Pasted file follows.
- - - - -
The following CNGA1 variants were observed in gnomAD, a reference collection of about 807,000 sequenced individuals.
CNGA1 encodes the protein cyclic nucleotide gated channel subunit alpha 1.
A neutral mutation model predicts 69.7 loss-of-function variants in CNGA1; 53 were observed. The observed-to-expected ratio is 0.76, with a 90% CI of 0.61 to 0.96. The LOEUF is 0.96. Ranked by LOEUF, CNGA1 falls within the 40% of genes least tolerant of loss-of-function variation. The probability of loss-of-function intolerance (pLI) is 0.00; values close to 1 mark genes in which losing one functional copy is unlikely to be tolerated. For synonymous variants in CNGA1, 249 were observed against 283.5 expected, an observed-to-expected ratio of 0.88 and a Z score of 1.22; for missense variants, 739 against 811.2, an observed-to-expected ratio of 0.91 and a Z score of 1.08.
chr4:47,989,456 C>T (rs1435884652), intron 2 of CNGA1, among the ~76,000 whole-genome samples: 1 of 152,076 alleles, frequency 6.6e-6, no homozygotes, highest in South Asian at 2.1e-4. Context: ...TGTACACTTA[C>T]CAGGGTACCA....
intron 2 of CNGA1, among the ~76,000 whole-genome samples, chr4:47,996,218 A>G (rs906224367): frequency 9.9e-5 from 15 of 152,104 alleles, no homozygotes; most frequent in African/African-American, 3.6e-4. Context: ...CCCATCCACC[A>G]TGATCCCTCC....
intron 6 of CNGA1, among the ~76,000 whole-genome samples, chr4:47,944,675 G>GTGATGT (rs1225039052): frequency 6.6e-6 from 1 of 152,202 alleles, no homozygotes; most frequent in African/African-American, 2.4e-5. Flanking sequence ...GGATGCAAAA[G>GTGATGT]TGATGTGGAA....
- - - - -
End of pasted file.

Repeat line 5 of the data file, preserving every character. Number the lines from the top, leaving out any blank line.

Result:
intron 2 of CNGA1, among the ~76,000 whole-genome samples, chr4:47,996,218 A>G (rs906224367): frequency 9.9e-5 from 15 of 152,104 alleles, no homozygotes; most frequent in African/African-American, 3.6e-4. Context: ...CCCATCCACC[A>G]TGATCCCTCC....